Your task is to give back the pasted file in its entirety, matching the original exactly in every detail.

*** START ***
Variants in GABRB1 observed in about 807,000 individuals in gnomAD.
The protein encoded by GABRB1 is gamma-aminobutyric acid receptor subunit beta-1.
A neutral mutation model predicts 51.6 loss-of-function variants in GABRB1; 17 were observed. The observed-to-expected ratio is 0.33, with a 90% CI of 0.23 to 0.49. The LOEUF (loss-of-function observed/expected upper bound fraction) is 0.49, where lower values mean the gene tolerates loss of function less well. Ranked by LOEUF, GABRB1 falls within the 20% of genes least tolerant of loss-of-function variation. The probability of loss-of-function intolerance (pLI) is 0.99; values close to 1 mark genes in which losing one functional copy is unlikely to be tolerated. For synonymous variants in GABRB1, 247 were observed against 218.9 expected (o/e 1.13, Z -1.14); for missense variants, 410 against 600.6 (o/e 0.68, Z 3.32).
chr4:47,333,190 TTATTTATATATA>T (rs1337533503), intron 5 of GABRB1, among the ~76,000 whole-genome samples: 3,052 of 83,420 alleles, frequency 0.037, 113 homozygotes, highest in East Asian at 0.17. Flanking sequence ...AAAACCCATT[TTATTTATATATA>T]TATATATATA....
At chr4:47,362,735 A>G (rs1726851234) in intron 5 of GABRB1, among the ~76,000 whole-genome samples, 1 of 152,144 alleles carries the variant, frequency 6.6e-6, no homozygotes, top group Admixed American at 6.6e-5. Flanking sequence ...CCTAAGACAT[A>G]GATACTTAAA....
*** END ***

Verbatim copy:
Variants in GABRB1 observed in about 807,000 individuals in gnomAD.
The protein encoded by GABRB1 is gamma-aminobutyric acid receptor subunit beta-1.
A neutral mutation model predicts 51.6 loss-of-function variants in GABRB1; 17 were observed. The observed-to-expected ratio is 0.33, with a 90% CI of 0.23 to 0.49. The LOEUF (loss-of-function observed/expected upper bound fraction) is 0.49, where lower values mean the gene tolerates loss of function less well. Ranked by LOEUF, GABRB1 falls within the 20% of genes least tolerant of loss-of-function variation. The probability of loss-of-function intolerance (pLI) is 0.99; values close to 1 mark genes in which losing one functional copy is unlikely to be tolerated. For synonymous variants in GABRB1, 247 were observed against 218.9 expected (o/e 1.13, Z -1.14); for missense variants, 410 against 600.6 (o/e 0.68, Z 3.32).
chr4:47,333,190 TTATTTATATATA>T (rs1337533503), intron 5 of GABRB1, among the ~76,000 whole-genome samples: 3,052 of 83,420 alleles, frequency 0.037, 113 homozygotes, highest in East Asian at 0.17. Flanking sequence ...AAAACCCATT[TTATTTATATATA>T]TATATATATA....
At chr4:47,362,735 A>G (rs1726851234) in intron 5 of GABRB1, among the ~76,000 whole-genome samples, 1 of 152,144 alleles carries the variant, frequency 6.6e-6, no homozygotes, top group Admixed American at 6.6e-5. Flanking sequence ...CCTAAGACAT[A>G]GATACTTAAA....